# MCT3 (fwd)

Homer Wilson Smith HomerWSmith at lightlink.com
Thu Mar 19 13:53:33 EDT 2015

```-----BEGIN PGP SIGNED MESSAGE-----
Hash: SHA1

INTRO TO LOGIC

Here follows the first broad public issue of the Machine Certainty
Theorem (MCT), one of the deeper theorems in Information Theory.

There are two fundamental aspects to any theorem or proof, the
LOGICAL FORM, and the CONTENT.

The logical form can be expressed with out the content by replacing
the various words and phrases in the proof with variables that have no
meaning.  This allows the logical form of the proof to be studied
independent of its actual application.

Once the logical form is verified, then the variables can be
replaced by the meanings they stand for, and application of the proof
with its content can be studied independent of its logical form.

Any proof has at least three parts.  The ASSUMPTIONS, the LOGIC,
and the CONCLUSION.

The logical form of the proof consists of all three parts in
abstract variable form, as described above.  The content of the proof
also consists of all three parts in the concrete form where all
variables are replaced by their intended meanings.

The Machine Certainty Theorem states that a space-time machine
can't be certain of anything, yet a Conscious Unit can, therefore a
Conscious Unit is not a space-time machine.

Before I get on with the formal presentation of the Machine
Certainty Theory, I would like to provide a small sample proof to
explain the various parts of what you are about to see to those who have
little training in formal logic.

In this case I will work backwards from an actual argument in
concrete CONTENT FORM, to its abstract LOGICAL FORM so that you can see
how the process will be reversed when we get to the actual proof.

Consider the following argument.

1. Joe is a Christian.
2. All Christians believe in Hell.
3. Therefore, Joe believes in Hell.
Q.E.D.

Q.E.D is Latin for Quite Easily Done this is placed at the end of
the proof to demark where the proof ends and that the conclusion has
been proved.  (Actually QED stands for Quod Erat Demonstrandum, 'that
which was to be demonstrated'.)

All proofs contain three parts, the ASSUMPTIONS, the LOGIC and the
CONCLUSION.  The conclusion is true if and only if the assumptions are
true AND the logic is valid.  If either the assumptions are false or the
logic is invalid, then the conclusion may be false (it could still be
true though, you don't know.)

For example, it is clear from the argument above, that if Joe is
not a Christian, or if some Christians don't believe in Hell, then the
conclusion that Joe necessarily believes in Hell becomes indeterminate,
he may or may not.

A properly presented proof would show all three parts, assumptions,
logic, and conclusion, clearly marked so that no confusion could result.

The purpose of first presenting the proof in logic form devoid of
meaningful content is to verify or validate the LOGIC part of the proof.

Once that is accomplished, then the proof must be presented for a
second time in CONTENT form, so that the assumptions and conclusion can
first be UNDERSTOOD and then their truth verified or argued.  One first
verifies each of the assumptions in turn.  If all of the assumptions
check out to be true, then the conclusion must be true if the logic is
also valid.

One then looks to see if the conclusion actually fits with
actuality.  If it does you are finished for the moment.  If it turns out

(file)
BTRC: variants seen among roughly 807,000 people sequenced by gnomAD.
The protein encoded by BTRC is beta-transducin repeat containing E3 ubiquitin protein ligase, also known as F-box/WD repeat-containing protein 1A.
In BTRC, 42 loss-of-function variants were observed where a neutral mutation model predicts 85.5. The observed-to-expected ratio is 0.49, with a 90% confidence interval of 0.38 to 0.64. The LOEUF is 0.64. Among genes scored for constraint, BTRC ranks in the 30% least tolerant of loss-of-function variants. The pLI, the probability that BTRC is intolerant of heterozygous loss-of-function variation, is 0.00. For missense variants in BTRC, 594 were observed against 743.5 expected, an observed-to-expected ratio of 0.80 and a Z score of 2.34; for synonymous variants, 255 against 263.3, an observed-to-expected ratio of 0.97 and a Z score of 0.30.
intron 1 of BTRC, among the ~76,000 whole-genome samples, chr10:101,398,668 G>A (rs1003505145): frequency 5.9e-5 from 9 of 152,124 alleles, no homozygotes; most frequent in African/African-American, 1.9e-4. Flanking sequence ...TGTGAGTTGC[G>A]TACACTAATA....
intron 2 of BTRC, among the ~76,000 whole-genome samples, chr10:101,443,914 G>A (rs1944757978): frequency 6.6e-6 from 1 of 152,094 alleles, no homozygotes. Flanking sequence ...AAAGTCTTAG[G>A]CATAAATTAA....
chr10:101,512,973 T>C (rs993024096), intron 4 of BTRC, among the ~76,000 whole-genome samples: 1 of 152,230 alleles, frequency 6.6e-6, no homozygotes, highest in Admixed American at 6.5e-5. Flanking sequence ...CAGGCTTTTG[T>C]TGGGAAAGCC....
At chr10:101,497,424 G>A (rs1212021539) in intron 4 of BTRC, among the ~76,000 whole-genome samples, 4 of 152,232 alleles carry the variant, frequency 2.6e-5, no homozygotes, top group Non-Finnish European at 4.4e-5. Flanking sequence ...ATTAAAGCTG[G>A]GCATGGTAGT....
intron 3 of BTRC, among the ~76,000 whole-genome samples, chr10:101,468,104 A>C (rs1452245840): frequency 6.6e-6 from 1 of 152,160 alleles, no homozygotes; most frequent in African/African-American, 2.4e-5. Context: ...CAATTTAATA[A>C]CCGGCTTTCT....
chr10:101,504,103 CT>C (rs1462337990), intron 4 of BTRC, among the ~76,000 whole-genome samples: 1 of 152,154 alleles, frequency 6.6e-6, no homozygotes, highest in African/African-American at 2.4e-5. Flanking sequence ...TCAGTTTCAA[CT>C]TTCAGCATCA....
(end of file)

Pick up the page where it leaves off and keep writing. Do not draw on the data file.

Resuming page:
the conclusion is observably false, then either the logic was invalid or
one or more of the assumptions was false.

In the above example, there are two assumptions.

1. Joe is a Christian.
2. All Christians believe in Hell.

There is one conclusion,

3. Joe believes in Hell.

Normally in a more complex proof there would be more statements
in between 2 and 3 which would be partial conclusions on the way to the
final conclusion, but in this case the logic is so simple we go directly
from lines 1 and 2 to line 3 with a logical form called Modus Ponens.

Modus Ponens is a fancy Latin phrase meaning 'If A implies B, and A
is true, then B is true too.' (Actually Modus Ponens means 'Mode that
affirms')

For example, 'If being a dog implies being an animal, and Joey is a
Dog, then Joey is an animal.

Modus Ponens can be compared to Modus Tolens, another fancy Latin
phrase meaning 'If A implies B and B is false, then A is false.'
(Actually Modus Tolens means 'mode that denies'.)

For example, "If being a dog implies being an animal, and Jane is
not an animal, then Jane is not a dog."

Notice that if Jane IS an animal, one cannot tell if Jane is a dog
or not, because it is NOT true that if A implies B, then B implies A!

1.  "Joe is a Christian" can be symbolized as "J -> C" which says
"If it's Joe, then it's a Christian", or "Being Joe implies being a
Christian", or more simply, "Joe implies Christian".

2.  "All Christians believe in Hell" can be symbolized as "C -> H"
which says, "If it's a Christian then it believes in Hell", or "Being a
Christian implies Believing in Hell", or just "Christian implies Hell".

3.  "Joe believes in Hell" can be symbolized as "J -> H" which
says, "If it's Joe, then it believes in Hell" or "Being Joe implies
Believing in Hell", or "Joe implies Hell".

We can thus symbolize the entire argument as follows, and this is
its logical form.

We explain each part in the section below the proof.

************************************************************************

LOGICAL FORM OF THE PROOF

1. J -> C (Being Joe implies being Christian)
2. C -> H (Being Christian implies Believing in Hell)

(1,2)[A] 3. J -> H (Being Joe implies Believing in Hell)

Q.E.D

(M.P.)  A.  (A -> B) and (B -> C)) -> (A -> C)

************************************************************************

In the above example there are two assumptions, lines 1 and 2, and
one conclusion, line 3.